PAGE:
KFC (Japan)

Woman walking past KFC store front

Only around one percent of Japan’s population identify as Christian but that is still around two million people. Similar to holidays like Valentine’s Day, non-Christians have been celebrating the holiday at an increasing rate. Japan certainly has a unique Christmas tradition.

Since the 1970s, KFC has been a popular choice for lunch and dinner during the holiday season. Since first opening in Japan in 1970, the marketing team imagined being a one-stop-shop for an easy Christmas lunch or dinner. Each year it is estimated that around 3.6 million families wait in long lines to eat a KFC Christmas lunch or dinner. The offerings include ‘party buckets’ which are similar to KFC family meals that include pieces of fried chicken accompanied with your choice of sides.

Gävle Goat (Sweden)

Gavle Goat or Yule Goat standing at the base of a Christmas Tree

The Gävle Goat is a popular Sweedish Christmas tradition. Each year since 1966 on the first Sunday of Advent, a large goat is constructed out of hay in the Gävle town square. They have varied in height over the years but the tallest goat was constructed in 1993 standing almost 15 metres tall.

The Gävle Goat has however been subjected to vandalism over the years in the form of arson and defacement reportedly only staying fully intact 15 times in 50 years. The specific history of the Gävle or Yule goat is unknown. The goat has been symbolic in Scandinavia for many years. Placed on Christmas products and hanged from the tree, the Yule goat is an iconic Christmas symbol in Sweden and Scandinavia.

Christmas Witches (Norway)

Several broomstick leaning up against a wall

Christmas is a very special time in Norway. Norwegians look forward to the Christmas season to spend quality time with friends and family and give gifts. However, there is a strange Norwegian tradition that is followed to this day.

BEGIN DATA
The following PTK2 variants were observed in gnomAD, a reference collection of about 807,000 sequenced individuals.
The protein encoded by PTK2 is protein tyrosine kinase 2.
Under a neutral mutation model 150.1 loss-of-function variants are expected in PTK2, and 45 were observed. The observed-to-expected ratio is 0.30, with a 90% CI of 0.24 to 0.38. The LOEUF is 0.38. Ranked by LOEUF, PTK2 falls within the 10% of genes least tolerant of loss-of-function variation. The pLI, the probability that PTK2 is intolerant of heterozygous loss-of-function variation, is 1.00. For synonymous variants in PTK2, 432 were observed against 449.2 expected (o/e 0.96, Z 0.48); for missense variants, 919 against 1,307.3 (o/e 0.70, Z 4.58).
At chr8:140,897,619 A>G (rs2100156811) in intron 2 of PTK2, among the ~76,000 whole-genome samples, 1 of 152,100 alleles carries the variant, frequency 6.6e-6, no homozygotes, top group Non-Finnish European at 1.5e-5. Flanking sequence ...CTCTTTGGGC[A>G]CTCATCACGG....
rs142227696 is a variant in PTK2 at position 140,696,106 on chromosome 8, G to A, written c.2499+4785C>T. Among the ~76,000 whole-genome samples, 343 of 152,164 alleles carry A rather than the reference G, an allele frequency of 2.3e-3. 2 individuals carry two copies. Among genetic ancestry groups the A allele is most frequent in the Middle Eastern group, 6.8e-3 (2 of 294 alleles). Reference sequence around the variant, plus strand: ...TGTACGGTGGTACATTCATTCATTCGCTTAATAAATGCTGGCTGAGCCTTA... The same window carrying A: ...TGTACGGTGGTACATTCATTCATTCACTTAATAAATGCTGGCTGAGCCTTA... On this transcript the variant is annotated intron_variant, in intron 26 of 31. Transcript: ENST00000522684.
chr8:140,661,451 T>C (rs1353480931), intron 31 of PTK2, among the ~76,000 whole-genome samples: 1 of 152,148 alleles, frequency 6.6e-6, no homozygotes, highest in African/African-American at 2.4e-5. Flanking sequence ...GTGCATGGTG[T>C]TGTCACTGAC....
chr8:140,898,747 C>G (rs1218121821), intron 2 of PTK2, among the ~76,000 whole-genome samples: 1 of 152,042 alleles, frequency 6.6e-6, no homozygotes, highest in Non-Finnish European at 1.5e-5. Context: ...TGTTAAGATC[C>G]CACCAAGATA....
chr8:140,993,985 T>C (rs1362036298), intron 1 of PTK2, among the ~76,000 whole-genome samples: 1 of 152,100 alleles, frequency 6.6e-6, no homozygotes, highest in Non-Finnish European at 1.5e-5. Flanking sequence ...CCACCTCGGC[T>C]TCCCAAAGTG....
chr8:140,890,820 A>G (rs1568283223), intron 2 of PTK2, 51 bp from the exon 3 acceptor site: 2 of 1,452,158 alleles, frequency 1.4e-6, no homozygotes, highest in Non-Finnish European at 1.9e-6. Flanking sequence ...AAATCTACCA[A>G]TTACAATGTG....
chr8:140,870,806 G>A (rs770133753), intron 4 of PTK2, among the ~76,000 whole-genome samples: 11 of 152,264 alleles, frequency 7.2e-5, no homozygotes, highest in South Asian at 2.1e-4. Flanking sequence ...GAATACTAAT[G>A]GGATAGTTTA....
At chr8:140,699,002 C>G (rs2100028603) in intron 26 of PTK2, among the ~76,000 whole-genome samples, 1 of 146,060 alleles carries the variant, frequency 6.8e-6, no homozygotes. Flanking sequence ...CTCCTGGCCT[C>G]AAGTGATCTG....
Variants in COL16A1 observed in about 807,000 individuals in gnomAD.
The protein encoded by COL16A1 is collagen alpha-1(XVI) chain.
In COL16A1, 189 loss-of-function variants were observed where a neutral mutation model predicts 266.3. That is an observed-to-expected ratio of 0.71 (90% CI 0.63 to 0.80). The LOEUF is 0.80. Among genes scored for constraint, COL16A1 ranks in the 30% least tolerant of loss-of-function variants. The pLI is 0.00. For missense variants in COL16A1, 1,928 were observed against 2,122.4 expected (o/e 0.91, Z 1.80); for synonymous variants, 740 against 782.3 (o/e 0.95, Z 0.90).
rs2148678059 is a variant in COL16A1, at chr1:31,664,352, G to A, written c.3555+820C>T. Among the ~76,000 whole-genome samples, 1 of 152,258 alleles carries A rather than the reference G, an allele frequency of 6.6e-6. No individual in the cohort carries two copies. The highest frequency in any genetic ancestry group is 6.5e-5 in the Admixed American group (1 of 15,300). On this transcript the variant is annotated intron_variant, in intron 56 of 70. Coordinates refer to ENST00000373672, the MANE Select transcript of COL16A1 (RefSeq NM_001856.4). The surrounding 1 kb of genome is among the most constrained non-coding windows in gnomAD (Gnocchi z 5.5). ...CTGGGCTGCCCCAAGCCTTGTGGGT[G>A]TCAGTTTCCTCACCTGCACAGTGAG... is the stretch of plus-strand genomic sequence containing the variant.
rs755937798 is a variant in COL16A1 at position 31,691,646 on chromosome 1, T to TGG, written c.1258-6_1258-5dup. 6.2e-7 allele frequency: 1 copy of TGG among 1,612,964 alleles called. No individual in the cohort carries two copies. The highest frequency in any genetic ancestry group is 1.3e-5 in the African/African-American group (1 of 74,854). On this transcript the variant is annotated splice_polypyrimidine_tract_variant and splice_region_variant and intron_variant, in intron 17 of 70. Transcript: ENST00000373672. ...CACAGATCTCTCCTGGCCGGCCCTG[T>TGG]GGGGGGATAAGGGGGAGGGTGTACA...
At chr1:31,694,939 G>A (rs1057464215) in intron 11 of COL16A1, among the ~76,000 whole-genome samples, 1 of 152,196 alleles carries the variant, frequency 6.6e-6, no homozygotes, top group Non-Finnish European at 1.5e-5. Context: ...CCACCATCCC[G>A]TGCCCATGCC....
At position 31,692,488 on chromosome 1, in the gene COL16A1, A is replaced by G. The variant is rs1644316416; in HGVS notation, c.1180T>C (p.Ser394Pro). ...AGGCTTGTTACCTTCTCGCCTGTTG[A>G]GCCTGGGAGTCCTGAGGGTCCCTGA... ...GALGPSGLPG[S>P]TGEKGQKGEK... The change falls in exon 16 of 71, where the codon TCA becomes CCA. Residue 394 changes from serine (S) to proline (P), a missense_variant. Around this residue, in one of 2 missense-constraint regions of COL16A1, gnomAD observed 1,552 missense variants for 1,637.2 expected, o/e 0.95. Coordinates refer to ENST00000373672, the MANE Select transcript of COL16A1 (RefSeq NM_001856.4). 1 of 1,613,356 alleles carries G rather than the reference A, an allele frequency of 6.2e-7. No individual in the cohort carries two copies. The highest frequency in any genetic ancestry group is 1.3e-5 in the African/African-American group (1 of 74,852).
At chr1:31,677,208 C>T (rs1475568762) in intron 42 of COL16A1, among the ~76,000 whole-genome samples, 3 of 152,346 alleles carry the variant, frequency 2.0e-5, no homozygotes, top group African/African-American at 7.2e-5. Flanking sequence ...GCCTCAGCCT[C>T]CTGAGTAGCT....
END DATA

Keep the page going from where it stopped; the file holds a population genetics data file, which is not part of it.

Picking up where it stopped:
Superstitious people believe that witches and other spirits come out on Christmas Eve so it is important for households to hide all brooms. This is so the witches and spirits don’t take the brooms and fly away.

Ganna (Ethiopia)

Ethiopian Timkat festival with large gathering of people

Most of the Ethiopian population identify as Christian and because of this, Christmas often involves big gatherings and celebration. Although Ethiopia acknowledges the Gregorian calendar, they officially follow the Ethiopian calendar, similar to Julian. This means that Christmas is not celebrated at the same time as most of the world. Ganna, the Ethiopian Christmas holiday is held on 7 January Gregorian.

Preparation for Ganna begins on 25 November as Ethiopians begin the Fast of the Prophets in which they follow a strict diet of only one vegan meal per day. For Ganna, people dress in a white garment called a ‘Netela’ which is somewhat similar to a shawl or toga. On the eve of Ganna, they attend church services from 6pm until around 3am.

Twelve days after Ganna on 19 January, a three-day festival begins called ‘Timkat’. The celebration involves church services, processions through the streets and music. The holiday is not commercialised. Gifts are not given and the holiday is much more focussed on community, family and religion.

The wrap up

There are endless ways to celebrate Christmas and the holiday season. But at the end of the day, it is about spending time with the people you love. It has been a strange year but we hope everyone can find a safe way to celebrate with their loved ones.

The Team